In recent posts in this series we’ve focused on the Children’s Social Health Monitor 2012 Update Report, see the the full report (pdf) here. Today we look at the first of the Health and Wellbeing Indicators.
HOSPITAL ADMISSIONS AND MORTALITY WITH A SOCIAL GRADIENT IN CHILDREN
This is where the effects of poverty are most fundamentally and most cruelly felt – in its impact on health and mortality. The effects are in line with the economic indicators that have been covered in the report – the Maori / Pacific economic disadvantage is directly reflected in health:
In New Zealand, there are currently large disparities in child health status, with Māori and Pacific children and those living in more deprived areas experiencing a disproportionate burden of morbidity and mortality . These disparities were present even in the mid 2000s when New Zealand experienced some of its lowest unemployment rates in recent decades. The macroeconomic environment began to change in 2008, however, with the country officially entering a recession at the end of June 2008 after two consecutive quarters of negative growth. While New Zealand technically left the recession at the end of June 2009 (when quarterly growth reached +0.1% ) progress since then has been variable, with unemployment rates and the number of children reliant on benefit recipients remaining higher than in the mid-2000s.
The effects of these economic changes on socially sensitive health outcomes for children remain unclear. Research suggests that the impacts may vary, not only with the magnitude and duration of any economic downturn, but also as a result of the Government’s social policy responses and the extent to which it maintains an effective social safety net for those most affected. …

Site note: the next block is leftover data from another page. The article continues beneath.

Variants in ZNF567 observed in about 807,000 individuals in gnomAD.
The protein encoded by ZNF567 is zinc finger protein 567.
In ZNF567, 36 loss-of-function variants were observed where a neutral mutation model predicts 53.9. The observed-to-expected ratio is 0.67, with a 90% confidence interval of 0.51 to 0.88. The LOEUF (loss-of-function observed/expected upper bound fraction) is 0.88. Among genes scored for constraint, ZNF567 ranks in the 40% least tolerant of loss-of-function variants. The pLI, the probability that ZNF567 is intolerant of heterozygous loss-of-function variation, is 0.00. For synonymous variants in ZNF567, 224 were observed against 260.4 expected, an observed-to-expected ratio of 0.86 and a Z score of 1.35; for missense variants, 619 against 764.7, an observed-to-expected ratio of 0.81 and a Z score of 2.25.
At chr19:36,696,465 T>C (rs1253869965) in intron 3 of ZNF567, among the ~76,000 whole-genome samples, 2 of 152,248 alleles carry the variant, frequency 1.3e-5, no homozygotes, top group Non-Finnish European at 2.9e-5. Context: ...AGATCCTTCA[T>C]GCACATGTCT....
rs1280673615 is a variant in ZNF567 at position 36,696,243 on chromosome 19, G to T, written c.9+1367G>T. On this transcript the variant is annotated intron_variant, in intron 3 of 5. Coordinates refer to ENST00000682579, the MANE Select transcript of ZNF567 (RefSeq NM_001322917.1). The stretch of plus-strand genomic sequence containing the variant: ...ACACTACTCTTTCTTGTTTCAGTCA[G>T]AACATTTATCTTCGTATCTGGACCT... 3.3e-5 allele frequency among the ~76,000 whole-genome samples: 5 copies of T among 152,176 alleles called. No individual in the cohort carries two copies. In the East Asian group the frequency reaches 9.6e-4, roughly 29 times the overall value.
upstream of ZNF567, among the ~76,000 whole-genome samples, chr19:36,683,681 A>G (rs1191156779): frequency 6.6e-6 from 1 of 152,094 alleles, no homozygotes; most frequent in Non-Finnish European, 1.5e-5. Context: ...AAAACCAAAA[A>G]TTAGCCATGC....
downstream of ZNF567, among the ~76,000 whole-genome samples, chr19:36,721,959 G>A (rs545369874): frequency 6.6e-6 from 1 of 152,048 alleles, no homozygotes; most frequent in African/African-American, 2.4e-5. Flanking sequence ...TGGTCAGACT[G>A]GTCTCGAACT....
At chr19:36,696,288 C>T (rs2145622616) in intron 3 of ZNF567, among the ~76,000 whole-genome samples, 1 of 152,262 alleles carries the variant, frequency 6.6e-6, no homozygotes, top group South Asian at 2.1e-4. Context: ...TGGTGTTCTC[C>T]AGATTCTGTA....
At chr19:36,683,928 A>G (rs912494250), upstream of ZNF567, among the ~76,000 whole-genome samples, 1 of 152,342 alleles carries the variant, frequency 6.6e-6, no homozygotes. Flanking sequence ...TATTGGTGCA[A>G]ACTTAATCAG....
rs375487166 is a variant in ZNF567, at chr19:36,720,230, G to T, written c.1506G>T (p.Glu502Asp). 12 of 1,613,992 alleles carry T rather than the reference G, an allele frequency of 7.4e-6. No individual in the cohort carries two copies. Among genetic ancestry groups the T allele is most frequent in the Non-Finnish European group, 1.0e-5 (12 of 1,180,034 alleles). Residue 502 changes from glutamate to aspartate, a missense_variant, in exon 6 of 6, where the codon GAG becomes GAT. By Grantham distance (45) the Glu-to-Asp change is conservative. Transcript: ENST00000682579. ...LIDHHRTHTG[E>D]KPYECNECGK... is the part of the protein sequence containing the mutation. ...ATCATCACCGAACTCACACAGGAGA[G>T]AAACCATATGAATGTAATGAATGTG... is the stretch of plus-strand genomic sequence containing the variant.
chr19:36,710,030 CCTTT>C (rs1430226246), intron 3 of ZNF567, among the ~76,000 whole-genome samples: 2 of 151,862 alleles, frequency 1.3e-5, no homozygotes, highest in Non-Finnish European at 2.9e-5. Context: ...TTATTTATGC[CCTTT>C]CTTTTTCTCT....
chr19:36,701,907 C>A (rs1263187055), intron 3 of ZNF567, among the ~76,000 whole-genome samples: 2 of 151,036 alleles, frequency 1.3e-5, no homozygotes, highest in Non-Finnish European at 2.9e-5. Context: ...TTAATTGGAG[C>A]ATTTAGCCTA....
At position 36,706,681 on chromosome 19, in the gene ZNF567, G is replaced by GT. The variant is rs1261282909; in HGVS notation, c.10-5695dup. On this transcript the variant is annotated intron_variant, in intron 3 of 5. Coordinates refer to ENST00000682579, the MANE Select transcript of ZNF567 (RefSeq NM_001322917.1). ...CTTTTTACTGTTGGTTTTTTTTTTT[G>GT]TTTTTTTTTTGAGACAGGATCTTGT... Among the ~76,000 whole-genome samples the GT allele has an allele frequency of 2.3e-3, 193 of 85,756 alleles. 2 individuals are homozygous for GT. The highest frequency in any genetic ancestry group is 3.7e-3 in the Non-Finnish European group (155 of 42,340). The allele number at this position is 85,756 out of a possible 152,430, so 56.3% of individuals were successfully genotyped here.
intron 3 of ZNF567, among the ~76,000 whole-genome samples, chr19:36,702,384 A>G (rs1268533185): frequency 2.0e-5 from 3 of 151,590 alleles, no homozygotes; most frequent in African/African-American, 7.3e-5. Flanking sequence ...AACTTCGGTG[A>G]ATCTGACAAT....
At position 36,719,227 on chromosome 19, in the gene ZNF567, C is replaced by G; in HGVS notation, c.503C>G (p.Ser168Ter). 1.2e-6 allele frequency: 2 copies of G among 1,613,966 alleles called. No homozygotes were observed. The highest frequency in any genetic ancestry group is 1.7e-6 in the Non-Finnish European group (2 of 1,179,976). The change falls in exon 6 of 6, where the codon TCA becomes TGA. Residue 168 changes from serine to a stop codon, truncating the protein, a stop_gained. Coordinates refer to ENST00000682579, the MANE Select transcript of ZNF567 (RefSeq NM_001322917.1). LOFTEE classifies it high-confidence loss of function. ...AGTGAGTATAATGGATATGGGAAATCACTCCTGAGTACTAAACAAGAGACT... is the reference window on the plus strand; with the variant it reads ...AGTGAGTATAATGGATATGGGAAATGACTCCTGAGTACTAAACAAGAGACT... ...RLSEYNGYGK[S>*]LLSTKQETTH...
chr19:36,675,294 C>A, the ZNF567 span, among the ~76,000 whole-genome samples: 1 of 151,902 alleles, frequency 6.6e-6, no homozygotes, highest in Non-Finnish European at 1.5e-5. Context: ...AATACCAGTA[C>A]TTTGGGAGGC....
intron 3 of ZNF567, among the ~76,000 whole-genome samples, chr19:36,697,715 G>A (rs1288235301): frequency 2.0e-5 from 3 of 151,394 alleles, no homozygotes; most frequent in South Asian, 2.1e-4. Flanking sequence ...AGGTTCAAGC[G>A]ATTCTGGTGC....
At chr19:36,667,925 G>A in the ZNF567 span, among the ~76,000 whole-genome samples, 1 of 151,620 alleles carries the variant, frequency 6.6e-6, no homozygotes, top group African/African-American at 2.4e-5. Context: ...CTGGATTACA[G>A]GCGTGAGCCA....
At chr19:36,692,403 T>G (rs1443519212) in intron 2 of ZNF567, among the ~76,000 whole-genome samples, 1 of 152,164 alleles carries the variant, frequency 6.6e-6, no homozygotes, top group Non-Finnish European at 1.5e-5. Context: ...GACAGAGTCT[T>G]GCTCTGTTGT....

The report covers data on the distribution of causes of hospital admissions (from 2007 – 2011 the top three are Acute Bronchiolitis, Gastroenteritis, Asthma) and mortality (the top cause is Sudden Unexpected Deaths in Infancy (SUDI)). Of particular interest, as usual, are the recent trends in the data.
Hospital Admissions: In New Zealand, medical admissions with a social gradient increased during the early 2000s, reached a peak in 2002, and then declined, with an upswing in rates again being evident during 2007–2009. In contrast, injury admissions with a social gradient declined throughout 2000–2011 (Figure 20).
Mortality: In New Zealand, mortality from injuries with a social gradient decreased between 2000 and 2004, but fluctuated thereafter. Similarly, post-neonatal SUDI decreased between 2000 and 2002 and thereafter remained relatively static, while mortality from medical conditions with a social gradient fluctuated throughout 2000–2009 (Figure 20).
When broken down by primary diagnosis, trends in medical conditions with a social gradient varied by condition, with increases being evident for acute upper respiratory infections, viral infections of unspecified site, skin infections, urinary tract infections and dermatitis and eczema. In contrast, admissions for inguinal hernias, otitis media, bacterial/non-viral pneumonia and meningococcal disease declined during the 2000s (Figure 21–Figure 24).